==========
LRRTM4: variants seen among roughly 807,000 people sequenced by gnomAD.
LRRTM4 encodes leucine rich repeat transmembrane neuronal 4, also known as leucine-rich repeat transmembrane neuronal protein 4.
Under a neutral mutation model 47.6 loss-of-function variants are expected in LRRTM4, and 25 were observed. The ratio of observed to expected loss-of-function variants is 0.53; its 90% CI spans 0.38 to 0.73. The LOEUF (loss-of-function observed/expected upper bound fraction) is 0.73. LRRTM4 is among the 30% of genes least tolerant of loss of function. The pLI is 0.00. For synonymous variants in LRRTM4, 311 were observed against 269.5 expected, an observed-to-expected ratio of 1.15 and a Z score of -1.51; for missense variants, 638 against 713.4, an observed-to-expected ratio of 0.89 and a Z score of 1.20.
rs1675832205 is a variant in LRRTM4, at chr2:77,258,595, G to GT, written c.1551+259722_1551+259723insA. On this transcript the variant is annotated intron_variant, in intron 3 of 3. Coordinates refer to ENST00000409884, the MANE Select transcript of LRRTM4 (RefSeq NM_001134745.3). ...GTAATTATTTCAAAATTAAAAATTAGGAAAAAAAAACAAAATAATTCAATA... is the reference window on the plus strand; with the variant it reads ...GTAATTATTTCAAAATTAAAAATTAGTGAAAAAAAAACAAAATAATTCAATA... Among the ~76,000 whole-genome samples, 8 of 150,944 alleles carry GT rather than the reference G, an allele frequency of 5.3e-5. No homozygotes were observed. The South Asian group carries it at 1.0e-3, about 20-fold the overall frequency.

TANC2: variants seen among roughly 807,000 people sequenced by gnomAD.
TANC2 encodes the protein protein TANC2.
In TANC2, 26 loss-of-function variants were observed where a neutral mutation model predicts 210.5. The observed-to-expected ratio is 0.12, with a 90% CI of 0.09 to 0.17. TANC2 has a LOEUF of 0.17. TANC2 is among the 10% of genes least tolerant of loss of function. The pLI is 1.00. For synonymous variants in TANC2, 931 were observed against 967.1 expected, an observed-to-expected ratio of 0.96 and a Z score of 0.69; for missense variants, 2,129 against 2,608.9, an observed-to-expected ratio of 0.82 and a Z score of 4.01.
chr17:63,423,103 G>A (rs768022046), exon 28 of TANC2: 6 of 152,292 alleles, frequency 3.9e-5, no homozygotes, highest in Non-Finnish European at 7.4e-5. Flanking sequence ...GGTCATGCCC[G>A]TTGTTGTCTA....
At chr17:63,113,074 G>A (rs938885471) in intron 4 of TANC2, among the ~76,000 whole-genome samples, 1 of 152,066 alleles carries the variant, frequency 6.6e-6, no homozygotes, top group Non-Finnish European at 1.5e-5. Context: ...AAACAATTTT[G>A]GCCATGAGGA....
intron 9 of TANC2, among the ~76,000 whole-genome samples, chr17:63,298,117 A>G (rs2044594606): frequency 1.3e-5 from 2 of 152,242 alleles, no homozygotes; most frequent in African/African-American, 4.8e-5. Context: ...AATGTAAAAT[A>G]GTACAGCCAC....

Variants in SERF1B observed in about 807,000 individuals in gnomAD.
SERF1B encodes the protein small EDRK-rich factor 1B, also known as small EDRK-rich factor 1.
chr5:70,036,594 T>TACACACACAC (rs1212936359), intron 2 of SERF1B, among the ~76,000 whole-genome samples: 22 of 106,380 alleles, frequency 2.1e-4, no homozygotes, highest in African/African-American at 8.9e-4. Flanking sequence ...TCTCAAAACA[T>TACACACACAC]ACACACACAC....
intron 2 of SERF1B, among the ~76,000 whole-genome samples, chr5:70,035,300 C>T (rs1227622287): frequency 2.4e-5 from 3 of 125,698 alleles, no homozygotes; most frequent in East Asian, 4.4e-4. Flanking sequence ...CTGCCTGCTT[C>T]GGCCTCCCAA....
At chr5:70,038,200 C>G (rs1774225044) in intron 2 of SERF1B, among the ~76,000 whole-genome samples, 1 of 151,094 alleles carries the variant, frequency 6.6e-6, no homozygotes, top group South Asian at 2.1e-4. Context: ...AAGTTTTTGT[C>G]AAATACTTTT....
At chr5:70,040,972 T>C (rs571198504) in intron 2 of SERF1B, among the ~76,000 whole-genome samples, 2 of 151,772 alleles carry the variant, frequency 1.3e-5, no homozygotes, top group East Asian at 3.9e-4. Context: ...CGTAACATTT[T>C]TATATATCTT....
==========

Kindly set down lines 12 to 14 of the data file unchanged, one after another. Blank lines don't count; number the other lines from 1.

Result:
SERF1B encodes the protein small EDRK-rich factor 1B, also known as small EDRK-rich factor 1.
chr5:70,036,594 T>TACACACACAC (rs1212936359), intron 2 of SERF1B, among the ~76,000 whole-genome samples: 22 of 106,380 alleles, frequency 2.1e-4, no homozygotes, highest in African/African-American at 8.9e-4. Flanking sequence ...TCTCAAAACA[T>TACACACACAC]ACACACACAC....
intron 2 of SERF1B, among the ~76,000 whole-genome samples, chr5:70,035,300 C>T (rs1227622287): frequency 2.4e-5 from 3 of 125,698 alleles, no homozygotes; most frequent in East Asian, 4.4e-4. Flanking sequence ...CTGCCTGCTT[C>T]GGCCTCCCAA....